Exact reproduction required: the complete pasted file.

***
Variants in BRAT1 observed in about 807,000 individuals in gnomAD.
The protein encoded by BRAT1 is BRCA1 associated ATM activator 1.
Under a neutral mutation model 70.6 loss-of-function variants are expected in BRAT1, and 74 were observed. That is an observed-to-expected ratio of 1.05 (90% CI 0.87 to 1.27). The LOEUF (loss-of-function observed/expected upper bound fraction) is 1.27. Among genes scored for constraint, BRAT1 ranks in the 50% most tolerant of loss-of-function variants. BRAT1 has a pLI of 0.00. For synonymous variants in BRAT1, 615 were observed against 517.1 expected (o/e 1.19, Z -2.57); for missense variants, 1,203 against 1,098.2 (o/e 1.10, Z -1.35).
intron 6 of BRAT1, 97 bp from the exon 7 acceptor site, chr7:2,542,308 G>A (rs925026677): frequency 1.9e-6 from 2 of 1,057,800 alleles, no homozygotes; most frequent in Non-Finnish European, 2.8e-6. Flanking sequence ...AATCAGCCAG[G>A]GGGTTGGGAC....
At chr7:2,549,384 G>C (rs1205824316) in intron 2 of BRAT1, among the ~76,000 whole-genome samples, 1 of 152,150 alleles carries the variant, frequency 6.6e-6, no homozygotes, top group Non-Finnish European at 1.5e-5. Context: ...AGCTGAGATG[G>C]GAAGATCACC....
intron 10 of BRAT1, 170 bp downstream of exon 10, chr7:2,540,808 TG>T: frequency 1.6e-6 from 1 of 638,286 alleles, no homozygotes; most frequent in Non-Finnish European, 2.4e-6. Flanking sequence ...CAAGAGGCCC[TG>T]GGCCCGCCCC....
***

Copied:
Variants in BRAT1 observed in about 807,000 individuals in gnomAD.
The protein encoded by BRAT1 is BRCA1 associated ATM activator 1.
Under a neutral mutation model 70.6 loss-of-function variants are expected in BRAT1, and 74 were observed. That is an observed-to-expected ratio of 1.05 (90% CI 0.87 to 1.27). The LOEUF (loss-of-function observed/expected upper bound fraction) is 1.27. Among genes scored for constraint, BRAT1 ranks in the 50% most tolerant of loss-of-function variants. BRAT1 has a pLI of 0.00. For synonymous variants in BRAT1, 615 were observed against 517.1 expected (o/e 1.19, Z -2.57); for missense variants, 1,203 against 1,098.2 (o/e 1.10, Z -1.35).
intron 6 of BRAT1, 97 bp from the exon 7 acceptor site, chr7:2,542,308 G>A (rs925026677): frequency 1.9e-6 from 2 of 1,057,800 alleles, no homozygotes; most frequent in Non-Finnish European, 2.8e-6. Flanking sequence ...AATCAGCCAG[G>A]GGGTTGGGAC....
At chr7:2,549,384 G>C (rs1205824316) in intron 2 of BRAT1, among the ~76,000 whole-genome samples, 1 of 152,150 alleles carries the variant, frequency 6.6e-6, no homozygotes, top group Non-Finnish European at 1.5e-5. Context: ...AGCTGAGATG[G>C]GAAGATCACC....
intron 10 of BRAT1, 170 bp downstream of exon 10, chr7:2,540,808 TG>T: frequency 1.6e-6 from 1 of 638,286 alleles, no homozygotes; most frequent in Non-Finnish European, 2.4e-6. Flanking sequence ...CAAGAGGCCC[TG>T]GGCCCGCCCC....